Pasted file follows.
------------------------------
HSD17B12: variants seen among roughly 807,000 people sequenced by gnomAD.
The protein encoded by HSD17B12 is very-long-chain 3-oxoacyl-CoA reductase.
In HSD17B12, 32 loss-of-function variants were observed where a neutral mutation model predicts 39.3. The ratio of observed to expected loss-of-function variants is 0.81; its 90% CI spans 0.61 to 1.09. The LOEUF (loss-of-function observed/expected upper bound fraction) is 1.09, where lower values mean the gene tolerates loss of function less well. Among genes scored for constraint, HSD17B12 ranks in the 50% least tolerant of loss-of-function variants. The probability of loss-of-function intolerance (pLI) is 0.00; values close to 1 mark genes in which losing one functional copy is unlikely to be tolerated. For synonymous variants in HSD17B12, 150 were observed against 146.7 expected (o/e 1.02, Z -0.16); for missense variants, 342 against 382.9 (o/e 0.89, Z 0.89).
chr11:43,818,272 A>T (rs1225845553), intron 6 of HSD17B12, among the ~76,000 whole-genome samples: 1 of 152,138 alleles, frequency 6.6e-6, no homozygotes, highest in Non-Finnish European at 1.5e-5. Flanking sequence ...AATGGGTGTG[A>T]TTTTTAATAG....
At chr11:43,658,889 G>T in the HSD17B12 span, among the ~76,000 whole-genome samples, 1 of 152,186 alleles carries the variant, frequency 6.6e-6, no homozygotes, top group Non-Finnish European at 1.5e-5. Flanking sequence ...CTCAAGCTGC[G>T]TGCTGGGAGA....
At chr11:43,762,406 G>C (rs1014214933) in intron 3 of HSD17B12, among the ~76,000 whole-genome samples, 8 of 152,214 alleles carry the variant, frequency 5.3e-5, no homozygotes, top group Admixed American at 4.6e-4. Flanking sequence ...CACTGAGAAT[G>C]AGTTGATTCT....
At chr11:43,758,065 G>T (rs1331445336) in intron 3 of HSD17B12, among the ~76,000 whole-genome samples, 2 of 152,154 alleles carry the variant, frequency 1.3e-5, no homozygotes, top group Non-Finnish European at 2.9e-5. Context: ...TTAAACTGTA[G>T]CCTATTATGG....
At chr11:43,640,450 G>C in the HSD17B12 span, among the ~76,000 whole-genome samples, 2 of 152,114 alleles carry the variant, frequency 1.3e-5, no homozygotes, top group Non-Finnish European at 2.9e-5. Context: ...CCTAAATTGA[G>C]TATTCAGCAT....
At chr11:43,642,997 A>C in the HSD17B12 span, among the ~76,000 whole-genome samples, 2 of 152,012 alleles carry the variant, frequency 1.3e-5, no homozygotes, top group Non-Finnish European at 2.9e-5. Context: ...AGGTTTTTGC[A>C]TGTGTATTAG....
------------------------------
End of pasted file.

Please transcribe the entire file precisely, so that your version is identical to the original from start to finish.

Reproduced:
HSD17B12: variants seen among roughly 807,000 people sequenced by gnomAD.
The protein encoded by HSD17B12 is very-long-chain 3-oxoacyl-CoA reductase.
In HSD17B12, 32 loss-of-function variants were observed where a neutral mutation model predicts 39.3. The ratio of observed to expected loss-of-function variants is 0.81; its 90% CI spans 0.61 to 1.09. The LOEUF (loss-of-function observed/expected upper bound fraction) is 1.09, where lower values mean the gene tolerates loss of function less well. Among genes scored for constraint, HSD17B12 ranks in the 50% least tolerant of loss-of-function variants. The probability of loss-of-function intolerance (pLI) is 0.00; values close to 1 mark genes in which losing one functional copy is unlikely to be tolerated. For synonymous variants in HSD17B12, 150 were observed against 146.7 expected (o/e 1.02, Z -0.16); for missense variants, 342 against 382.9 (o/e 0.89, Z 0.89).
chr11:43,818,272 A>T (rs1225845553), intron 6 of HSD17B12, among the ~76,000 whole-genome samples: 1 of 152,138 alleles, frequency 6.6e-6, no homozygotes, highest in Non-Finnish European at 1.5e-5. Flanking sequence ...AATGGGTGTG[A>T]TTTTTAATAG....
At chr11:43,658,889 G>T in the HSD17B12 span, among the ~76,000 whole-genome samples, 1 of 152,186 alleles carries the variant, frequency 6.6e-6, no homozygotes, top group Non-Finnish European at 1.5e-5. Flanking sequence ...CTCAAGCTGC[G>T]TGCTGGGAGA....
At chr11:43,762,406 G>C (rs1014214933) in intron 3 of HSD17B12, among the ~76,000 whole-genome samples, 8 of 152,214 alleles carry the variant, frequency 5.3e-5, no homozygotes, top group Admixed American at 4.6e-4. Flanking sequence ...CACTGAGAAT[G>C]AGTTGATTCT....
At chr11:43,758,065 G>T (rs1331445336) in intron 3 of HSD17B12, among the ~76,000 whole-genome samples, 2 of 152,154 alleles carry the variant, frequency 1.3e-5, no homozygotes, top group Non-Finnish European at 2.9e-5. Context: ...TTAAACTGTA[G>T]CCTATTATGG....
At chr11:43,640,450 G>C in the HSD17B12 span, among the ~76,000 whole-genome samples, 2 of 152,114 alleles carry the variant, frequency 1.3e-5, no homozygotes, top group Non-Finnish European at 2.9e-5. Context: ...CCTAAATTGA[G>C]TATTCAGCAT....
At chr11:43,642,997 A>C in the HSD17B12 span, among the ~76,000 whole-genome samples, 2 of 152,012 alleles carry the variant, frequency 1.3e-5, no homozygotes, top group Non-Finnish European at 2.9e-5. Context: ...AGGTTTTTGC[A>C]TGTGTATTAG....